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Little Rock Planning Commission drafts ordinance that would regulate short-term rentals

Airbnb's logo displayed on a computer screen in Paris
Lionel Bonaventure
AFP/Getty Images
The Little Rock Planning Commission will consider the testimony that was given by the public during a meeting on Tuesday. The Commission invited the public to give their input on a draft of an ordinance that would regulate short-term rental properties.

The Little Rock Planning Commission has drafted an ordinance to regulate short-term rentals (STR), which includes Airbnbs. On Tuesday, the Commission along with city board directors held a public meeting to get input on the resolution.

The ordinance, if passed, would include requirements for Airbnbs to have fire alarms, obtain business licenses, pay inspection fees and require owners be available on call. Paul Dodd, a local Airbnb owner, said he is against the ordinance because he feels it was based on ordinances that were made for tourist towns. He also said the ordinance causes confusion.

“The draft does not define who is an owner, what happens with places that are sublet [when tenants lease property to a subtenant] or whether large owners can evict tenants of STRs,” he said.

Those who were against the ordinance also expressed concerns with the fees and regulations required by owners.

Angela Mathews, a local Airbnb owner, said she renovated a home near Central High, which is in a historic district. She said even with the tax credit available for helping renovate homes in historic districts, there were still challenges. She said Airbnbs provide a way for investment to happen in areas that historically have been underinvested in.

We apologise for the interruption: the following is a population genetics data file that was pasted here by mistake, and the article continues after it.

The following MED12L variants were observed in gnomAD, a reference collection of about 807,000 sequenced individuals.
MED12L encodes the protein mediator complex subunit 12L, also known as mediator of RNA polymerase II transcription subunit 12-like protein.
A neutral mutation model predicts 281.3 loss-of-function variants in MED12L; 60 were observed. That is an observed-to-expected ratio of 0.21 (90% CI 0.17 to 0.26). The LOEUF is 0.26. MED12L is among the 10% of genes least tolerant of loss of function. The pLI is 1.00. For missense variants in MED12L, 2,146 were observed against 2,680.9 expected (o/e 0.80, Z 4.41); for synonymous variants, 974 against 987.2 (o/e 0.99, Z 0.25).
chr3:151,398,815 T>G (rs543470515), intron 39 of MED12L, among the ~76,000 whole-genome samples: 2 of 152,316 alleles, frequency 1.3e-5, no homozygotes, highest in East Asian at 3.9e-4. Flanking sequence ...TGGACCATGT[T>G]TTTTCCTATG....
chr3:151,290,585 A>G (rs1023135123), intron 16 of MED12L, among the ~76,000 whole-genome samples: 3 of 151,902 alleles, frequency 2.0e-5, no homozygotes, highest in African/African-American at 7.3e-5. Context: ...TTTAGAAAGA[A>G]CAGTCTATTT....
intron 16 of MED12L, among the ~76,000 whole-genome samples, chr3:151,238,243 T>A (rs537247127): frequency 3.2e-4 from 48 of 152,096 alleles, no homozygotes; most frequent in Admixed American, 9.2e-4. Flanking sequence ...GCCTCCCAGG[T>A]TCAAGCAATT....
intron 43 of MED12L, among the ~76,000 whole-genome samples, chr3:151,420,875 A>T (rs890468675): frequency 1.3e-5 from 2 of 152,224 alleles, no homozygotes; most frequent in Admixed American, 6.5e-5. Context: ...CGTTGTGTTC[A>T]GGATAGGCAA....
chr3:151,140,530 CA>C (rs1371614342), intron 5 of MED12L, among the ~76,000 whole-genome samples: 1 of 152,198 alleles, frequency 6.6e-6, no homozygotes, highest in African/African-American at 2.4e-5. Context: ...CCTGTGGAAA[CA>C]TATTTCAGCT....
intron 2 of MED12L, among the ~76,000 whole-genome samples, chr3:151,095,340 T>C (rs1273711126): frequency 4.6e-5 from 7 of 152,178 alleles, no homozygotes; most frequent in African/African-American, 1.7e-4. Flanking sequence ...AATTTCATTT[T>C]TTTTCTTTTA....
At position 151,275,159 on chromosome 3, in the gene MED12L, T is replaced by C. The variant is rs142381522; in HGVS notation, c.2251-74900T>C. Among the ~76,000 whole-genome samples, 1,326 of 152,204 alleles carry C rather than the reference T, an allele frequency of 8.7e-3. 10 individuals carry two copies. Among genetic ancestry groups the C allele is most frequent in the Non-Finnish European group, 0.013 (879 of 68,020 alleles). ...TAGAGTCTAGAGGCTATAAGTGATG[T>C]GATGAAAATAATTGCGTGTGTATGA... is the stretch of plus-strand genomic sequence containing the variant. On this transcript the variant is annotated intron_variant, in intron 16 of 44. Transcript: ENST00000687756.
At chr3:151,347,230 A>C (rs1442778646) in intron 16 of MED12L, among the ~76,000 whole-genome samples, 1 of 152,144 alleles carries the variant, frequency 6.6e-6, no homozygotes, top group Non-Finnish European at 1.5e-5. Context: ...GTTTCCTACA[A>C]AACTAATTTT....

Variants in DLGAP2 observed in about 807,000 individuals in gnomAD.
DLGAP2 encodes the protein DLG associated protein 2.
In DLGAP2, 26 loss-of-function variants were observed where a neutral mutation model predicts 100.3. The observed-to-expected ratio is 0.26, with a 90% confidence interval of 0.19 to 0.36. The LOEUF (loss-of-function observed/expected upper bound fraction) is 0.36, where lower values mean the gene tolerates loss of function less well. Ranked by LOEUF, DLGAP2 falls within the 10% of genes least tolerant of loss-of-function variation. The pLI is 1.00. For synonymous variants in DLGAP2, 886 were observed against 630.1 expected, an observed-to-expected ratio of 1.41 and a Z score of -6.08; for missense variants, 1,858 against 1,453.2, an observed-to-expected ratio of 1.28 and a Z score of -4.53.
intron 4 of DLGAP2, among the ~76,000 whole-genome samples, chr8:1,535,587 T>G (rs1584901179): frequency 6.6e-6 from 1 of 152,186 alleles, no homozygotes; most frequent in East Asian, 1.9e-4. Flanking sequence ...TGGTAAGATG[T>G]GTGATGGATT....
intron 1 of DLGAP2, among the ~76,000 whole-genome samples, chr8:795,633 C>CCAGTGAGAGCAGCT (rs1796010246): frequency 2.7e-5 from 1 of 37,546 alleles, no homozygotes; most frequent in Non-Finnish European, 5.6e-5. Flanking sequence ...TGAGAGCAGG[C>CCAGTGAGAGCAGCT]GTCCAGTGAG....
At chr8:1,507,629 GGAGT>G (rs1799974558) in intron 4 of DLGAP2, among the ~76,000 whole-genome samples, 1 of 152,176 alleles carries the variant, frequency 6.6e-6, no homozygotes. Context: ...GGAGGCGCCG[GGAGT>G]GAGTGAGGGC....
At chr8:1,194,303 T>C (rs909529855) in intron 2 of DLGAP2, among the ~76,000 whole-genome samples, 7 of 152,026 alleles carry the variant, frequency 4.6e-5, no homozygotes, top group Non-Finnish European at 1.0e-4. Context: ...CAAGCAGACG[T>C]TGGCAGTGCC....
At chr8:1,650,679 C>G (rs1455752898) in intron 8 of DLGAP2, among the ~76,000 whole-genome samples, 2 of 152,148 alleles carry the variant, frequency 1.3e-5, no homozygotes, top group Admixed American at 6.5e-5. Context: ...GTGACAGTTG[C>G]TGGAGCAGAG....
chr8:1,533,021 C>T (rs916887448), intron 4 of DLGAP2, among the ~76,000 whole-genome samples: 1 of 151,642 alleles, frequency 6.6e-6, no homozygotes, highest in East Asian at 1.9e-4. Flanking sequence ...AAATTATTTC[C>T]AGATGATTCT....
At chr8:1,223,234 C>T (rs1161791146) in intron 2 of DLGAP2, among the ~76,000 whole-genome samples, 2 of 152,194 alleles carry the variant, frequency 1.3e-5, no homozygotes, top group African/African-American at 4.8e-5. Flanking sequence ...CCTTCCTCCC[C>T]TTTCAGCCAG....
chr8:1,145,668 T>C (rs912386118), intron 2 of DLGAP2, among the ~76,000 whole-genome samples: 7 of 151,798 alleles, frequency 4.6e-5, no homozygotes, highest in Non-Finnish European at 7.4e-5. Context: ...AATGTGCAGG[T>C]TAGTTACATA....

“Being able to short term rent this property gave us the option to make and rehab what was a very sad and dilapidated house. That house wasn’t occupied, so we weren’t taking away housing. This was not even something livable and we turned this into something livable,” she said.

John Walker Jr., whose father owned apartments in Little Rock, said that Airbnb owners were being self-serving. He said Airbnbs can change the composition of a neighborhood and have a negative impact on them.

“It seems like more white folk are coming up and they’re looking for opportunity. It’s an opportunity for white folks to come in and take our properties,” he said. “If you look at downtown all those properties used to be Black, my dad would say the same thing. Now, they’re white.”

Pam Powell, president of the University Park Neighborhood Association, said there needs to be more transparency on where Airbnbs are located. She also said there are issues with Airbnbs when the owner isn’t present.

“Residents want clarity to know if we bought something in an area zoned residential, it means residential. I saw something where the [Little Rock] Chamber of Commerce is going to be paying $10,000 for professionals to move here,” she said. “Little Rock is a beautiful city. We have a lot to offer, but would you want to move into a neighborhood that you thought was zoned as residential only to find out that a motel without a manager was next door?”

Earlier this year, lawmakers in the Arkansas Legislature tried to pass SB197, which would have taken away local governments' ability to regulate STRs. The bill passed in the Senate but failed to pass in the House, after homeowners, restaurant owners, hotel owners and city officials from across the state spoke out against the bill.

Ronak Patel is a reporter for Little Rock Public Radio.